Regional tuna canning training a success

   Majuro, Marshall Islands 19 October 2016: Thirteen participants from Papua New Guinea, Kiribati, the Federated States of Micronesia, and the Marshall Islands successfully gained certification for small-scale tuna canning operations following a one-week training in Majuro.

   This was the first regional tuna canning training for business and government representatives from member nations of the Parties to the Nauru Agreement (PNA) that manages the multi-billion dollar tuna fishery in the western and central Pacific.

   Sponsored jointly by the Majuro-based PNA Office and the Marshall Islands government’s Office of Commerce and Investment (OCI), the training aimed to spur island entrepreneurs to develop new businesses and revenue streams from the existing commercial tuna fishery, said PNA CEO Ludwig Kumoru.

   An important goal of last week’s canning training was to empower local entrepreneurs to “change the mindset of dependency so they are not scared of starting a business.”

   He emphasized that it does not take a lot of money to start small-scale tuna canning in the islands. Cooking and canning equipment can be purchased for less than US$2,000 and tuna for canning is available free or at low-cost because of PNA fishing rules that require purse seine fishing boats to retain all fish caught and to transship in ports. This has created large volumes of “by-catch” unwanted by the commercial tuna companies, but suitable for canning locally, Mr. Kumoru said.

   The trainees from the four island nations were recognized by Marshall Islands Foreign Affairs Minister John Silk and Resources and Development Minister Alfred Alfred, Jr. who attended different phases of the program. Eight of the 13 participants successfully completed both assistant and supervisory certificate programs, while five successfully completed the assistant certificate.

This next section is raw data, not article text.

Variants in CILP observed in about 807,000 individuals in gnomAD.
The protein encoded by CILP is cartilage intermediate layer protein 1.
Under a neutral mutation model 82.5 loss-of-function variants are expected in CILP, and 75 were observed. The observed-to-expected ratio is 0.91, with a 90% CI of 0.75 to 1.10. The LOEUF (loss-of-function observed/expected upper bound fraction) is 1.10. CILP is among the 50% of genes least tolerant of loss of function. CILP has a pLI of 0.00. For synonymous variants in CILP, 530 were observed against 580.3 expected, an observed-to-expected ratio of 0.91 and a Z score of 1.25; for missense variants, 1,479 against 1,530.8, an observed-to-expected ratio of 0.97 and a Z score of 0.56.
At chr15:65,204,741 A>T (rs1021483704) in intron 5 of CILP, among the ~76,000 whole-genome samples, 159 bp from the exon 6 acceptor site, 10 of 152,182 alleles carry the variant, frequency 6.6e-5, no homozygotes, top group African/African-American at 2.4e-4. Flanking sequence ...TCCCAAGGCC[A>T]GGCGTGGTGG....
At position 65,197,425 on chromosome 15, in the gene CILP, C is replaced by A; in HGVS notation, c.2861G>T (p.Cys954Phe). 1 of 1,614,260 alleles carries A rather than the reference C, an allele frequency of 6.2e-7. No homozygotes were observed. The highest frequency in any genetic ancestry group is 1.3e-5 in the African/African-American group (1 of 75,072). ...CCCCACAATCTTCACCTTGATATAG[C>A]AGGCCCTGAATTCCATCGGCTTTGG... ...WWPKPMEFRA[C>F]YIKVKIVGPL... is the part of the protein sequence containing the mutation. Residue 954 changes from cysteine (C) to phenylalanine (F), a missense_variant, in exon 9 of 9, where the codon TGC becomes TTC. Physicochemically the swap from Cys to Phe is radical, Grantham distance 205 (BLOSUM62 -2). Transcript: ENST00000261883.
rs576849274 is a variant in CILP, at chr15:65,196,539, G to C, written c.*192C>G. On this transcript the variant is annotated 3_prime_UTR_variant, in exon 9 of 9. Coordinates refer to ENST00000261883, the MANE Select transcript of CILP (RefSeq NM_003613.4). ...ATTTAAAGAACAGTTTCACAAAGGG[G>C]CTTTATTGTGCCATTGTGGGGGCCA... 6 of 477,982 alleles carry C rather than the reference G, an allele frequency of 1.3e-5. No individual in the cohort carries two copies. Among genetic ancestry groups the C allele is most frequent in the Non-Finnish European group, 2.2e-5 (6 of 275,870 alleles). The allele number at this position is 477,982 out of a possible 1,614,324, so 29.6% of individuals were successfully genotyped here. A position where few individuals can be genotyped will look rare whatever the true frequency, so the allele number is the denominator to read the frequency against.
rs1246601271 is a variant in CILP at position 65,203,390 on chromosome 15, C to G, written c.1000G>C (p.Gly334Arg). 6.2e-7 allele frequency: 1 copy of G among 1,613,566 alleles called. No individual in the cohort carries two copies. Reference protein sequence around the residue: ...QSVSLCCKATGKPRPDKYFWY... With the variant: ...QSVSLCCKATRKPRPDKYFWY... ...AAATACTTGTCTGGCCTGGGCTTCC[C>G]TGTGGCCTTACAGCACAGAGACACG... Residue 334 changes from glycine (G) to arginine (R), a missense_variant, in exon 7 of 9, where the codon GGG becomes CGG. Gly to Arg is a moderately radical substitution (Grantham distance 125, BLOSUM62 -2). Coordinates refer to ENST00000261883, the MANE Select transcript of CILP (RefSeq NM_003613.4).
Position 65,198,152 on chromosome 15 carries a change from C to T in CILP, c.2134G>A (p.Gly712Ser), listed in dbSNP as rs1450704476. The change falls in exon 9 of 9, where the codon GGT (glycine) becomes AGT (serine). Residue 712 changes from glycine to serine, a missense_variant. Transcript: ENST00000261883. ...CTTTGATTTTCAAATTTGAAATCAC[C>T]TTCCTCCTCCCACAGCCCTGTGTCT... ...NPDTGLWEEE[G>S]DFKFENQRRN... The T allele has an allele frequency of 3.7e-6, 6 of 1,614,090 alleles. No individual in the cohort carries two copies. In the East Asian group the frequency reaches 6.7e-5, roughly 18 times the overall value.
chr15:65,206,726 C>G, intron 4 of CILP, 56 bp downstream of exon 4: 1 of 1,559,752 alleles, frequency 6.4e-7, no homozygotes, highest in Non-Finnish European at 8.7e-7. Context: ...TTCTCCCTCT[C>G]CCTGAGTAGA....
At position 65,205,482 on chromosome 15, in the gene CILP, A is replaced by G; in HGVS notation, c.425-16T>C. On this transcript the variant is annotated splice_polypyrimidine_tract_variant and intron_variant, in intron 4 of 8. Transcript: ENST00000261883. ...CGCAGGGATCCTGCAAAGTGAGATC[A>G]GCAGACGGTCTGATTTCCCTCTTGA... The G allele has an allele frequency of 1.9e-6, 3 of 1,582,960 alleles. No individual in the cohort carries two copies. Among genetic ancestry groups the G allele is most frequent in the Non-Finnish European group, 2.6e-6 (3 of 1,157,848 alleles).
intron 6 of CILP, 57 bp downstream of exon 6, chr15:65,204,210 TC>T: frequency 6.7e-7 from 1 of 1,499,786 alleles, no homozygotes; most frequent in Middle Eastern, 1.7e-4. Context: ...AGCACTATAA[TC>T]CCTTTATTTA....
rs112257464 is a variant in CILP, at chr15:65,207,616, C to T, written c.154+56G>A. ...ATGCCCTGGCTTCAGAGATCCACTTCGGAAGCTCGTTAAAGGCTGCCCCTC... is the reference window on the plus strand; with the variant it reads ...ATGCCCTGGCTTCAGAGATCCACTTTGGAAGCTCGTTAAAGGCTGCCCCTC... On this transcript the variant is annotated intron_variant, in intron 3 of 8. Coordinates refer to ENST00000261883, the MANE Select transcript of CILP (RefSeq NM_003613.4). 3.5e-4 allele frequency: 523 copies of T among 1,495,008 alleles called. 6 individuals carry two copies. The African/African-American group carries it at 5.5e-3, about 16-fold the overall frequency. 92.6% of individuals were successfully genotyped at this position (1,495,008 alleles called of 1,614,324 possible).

Office of Commerce and Investment CEO Ravuni Uluilakeba said OCI was delighted to partner with PNA in support of the regional training that offered substantial opportunity to Marshall Islands-based businesses and government entities, as well as those from the region.

   PNA’s aim is to “bring wealth from the fishery to (PNA members) both governments and people,” said Mr. Kumoru.

   The training was conducted by Chris Bourne of the Australia-based company Food Stream, which has conducted tuna processing trainings in Fiji and Papua New Guinea as well as in the Marshall Islands. The training involved classroom and practical training on the cooking and canning equipment at a local fishing processing company. Each of the two course sections — assistant and supervisor — concluded with written examinations to ensure participants met requirements for certification. 

   PNA Commercial Manager Maurice Brownjohn said the small-scale canning equipment is not expensive or large. “This is canning technology that you can set up and use on a four by four foot table,” Mr. Brownjohn said. “It doesn’t have to be on a large industrial scale.”

   Mr. Kumoru said he hoped to see more trainings such as the one concluded last week in Majuro in other PNA nations in collaboration with government departments. “Our aim is to add value to the tuna fishery for our islands, and to engage local businesses and government agencies develop initiatives that will create jobs and generate revenue for local economies from the commercial fishery,” Mr. Kumoru said.

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